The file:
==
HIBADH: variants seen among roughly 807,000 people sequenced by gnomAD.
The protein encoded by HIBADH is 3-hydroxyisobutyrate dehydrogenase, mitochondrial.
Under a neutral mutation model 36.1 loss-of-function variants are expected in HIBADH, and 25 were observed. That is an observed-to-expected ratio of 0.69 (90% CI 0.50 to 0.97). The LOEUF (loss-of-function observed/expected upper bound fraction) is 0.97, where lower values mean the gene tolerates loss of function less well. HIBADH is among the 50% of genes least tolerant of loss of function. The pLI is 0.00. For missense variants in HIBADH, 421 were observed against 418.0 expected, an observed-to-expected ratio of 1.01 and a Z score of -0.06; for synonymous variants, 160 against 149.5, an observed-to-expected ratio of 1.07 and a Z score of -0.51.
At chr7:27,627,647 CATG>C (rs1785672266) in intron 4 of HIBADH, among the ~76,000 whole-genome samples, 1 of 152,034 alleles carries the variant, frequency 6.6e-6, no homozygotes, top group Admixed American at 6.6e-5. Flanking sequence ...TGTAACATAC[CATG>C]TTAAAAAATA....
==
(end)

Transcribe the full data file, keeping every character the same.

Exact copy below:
HIBADH: variants seen among roughly 807,000 people sequenced by gnomAD.
The protein encoded by HIBADH is 3-hydroxyisobutyrate dehydrogenase, mitochondrial.
Under a neutral mutation model 36.1 loss-of-function variants are expected in HIBADH, and 25 were observed. That is an observed-to-expected ratio of 0.69 (90% CI 0.50 to 0.97). The LOEUF (loss-of-function observed/expected upper bound fraction) is 0.97, where lower values mean the gene tolerates loss of function less well. HIBADH is among the 50% of genes least tolerant of loss of function. The pLI is 0.00. For missense variants in HIBADH, 421 were observed against 418.0 expected, an observed-to-expected ratio of 1.01 and a Z score of -0.06; for synonymous variants, 160 against 149.5, an observed-to-expected ratio of 1.07 and a Z score of -0.51.
At chr7:27,627,647 CATG>C (rs1785672266) in intron 4 of HIBADH, among the ~76,000 whole-genome samples, 1 of 152,034 alleles carries the variant, frequency 6.6e-6, no homozygotes, top group Admixed American at 6.6e-5. Flanking sequence ...TGTAACATAC[CATG>C]TTAAAAAATA....